- See if your state has non-discrimination legislation that protects on the basis of both sexual orientation and gender identity with this map.
- Get your congressional representatives’ contact info. If your state hasn’t enacted anti-discrimination legislation, get state representatives’ contact info as well.
If your congressional representatives supported the legislation:
Write or call to thank them, and tell them you expect them to make passing such legislation a primary goal.
If they are up for re-election, you can tell them that, as a voter, you want not only their continued support if it comes up again, but their vocal and active efforts to get this legislation on the table and passed.
Ask them to oppose amendments for religious exemptions that could create a loophole that keeps discrimination legal.
If they are not up for re-election in 2016, you can let them know your future support hinges on their effort. Or, if you weren’t going to support them anyway, inform them that their voter base largely supports this legislation, and they ought to keep that in mind.
If your congressional representatives have not supported the legislation:
Write or call and tell them that 71% of Americans want this legislation, including a majority of Republicans, and that it’s time to do their job and represent their constituents.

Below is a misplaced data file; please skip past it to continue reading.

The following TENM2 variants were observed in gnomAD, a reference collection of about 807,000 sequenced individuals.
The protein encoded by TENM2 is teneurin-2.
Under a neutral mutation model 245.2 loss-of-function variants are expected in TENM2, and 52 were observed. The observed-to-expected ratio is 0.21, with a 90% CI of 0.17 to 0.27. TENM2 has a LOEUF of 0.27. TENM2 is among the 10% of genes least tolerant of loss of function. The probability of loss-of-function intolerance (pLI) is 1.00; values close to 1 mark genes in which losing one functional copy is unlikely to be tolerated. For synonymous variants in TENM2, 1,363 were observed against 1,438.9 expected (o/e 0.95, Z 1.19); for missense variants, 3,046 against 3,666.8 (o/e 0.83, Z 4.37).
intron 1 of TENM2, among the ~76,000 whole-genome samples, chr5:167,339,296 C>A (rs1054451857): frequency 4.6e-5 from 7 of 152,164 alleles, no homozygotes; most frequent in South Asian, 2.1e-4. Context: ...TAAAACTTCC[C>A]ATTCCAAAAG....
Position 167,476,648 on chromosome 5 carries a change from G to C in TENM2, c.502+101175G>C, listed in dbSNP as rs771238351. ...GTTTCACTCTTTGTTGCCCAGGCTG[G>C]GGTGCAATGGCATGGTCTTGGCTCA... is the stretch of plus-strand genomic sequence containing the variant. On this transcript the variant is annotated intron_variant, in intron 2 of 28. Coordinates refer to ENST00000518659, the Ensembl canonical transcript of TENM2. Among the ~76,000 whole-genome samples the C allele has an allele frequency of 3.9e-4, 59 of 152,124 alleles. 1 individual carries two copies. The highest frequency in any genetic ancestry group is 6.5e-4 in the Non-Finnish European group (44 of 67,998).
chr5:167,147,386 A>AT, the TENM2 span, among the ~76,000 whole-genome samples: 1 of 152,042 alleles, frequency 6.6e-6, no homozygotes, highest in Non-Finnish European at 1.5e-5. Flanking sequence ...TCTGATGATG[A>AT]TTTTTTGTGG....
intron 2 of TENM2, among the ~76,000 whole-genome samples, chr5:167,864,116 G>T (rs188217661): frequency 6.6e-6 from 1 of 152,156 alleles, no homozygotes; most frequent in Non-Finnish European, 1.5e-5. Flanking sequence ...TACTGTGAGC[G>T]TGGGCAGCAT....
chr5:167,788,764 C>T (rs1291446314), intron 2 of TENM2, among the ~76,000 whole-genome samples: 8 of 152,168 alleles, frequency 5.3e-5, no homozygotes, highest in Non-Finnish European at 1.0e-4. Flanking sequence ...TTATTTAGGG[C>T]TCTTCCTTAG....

If they are up for re-election, you can tell them your support hinges on reversing their position on anti-discrimination legislation.
If they are not up for re-election, you can tell them that your future support depends on their willingness to represent their constituents. Or, if you were not going to support this representative anyway, let them know that they are out of step with their voter base on this issue, and, if they wish to remain in office, they should keep that in mind.
If your state hasn’t enacted anti-discrimination legislation:
Write or call your state representatives and demand that they represent the people by drafting, sponsoring, and co-sponsoring legislation. You can tell them that support from their base may hinge on their doing so.
Republicans voters, get loud.
Republicans in Congress are responsible for blocking anti-discrimination legislation, though most Republican constituents approve of it. If the Republican majority writes or calls their legislators, joins protests with liberals and Democrats, and even organizes its own protest events at representatives’ headquarters, this could have a huge impact.
LGBT rights is not a Democratic or liberal issue. It’s a human rights issue that people on all points of the political spectrum are largely behind. Congress has made it look like a left vs. right issue because Republican representatives are not faithfully representing their constituents. Tell them that time is up.
The hardest step.
To be effective, this push should not fade as the Orlando tragedy becomes more distant. We need to work to get the Equality Act passed until the act is passed. Keep your awareness raised long-term. Keep demanding that the legalized discrimination of the LGBT community see its long-overdue end.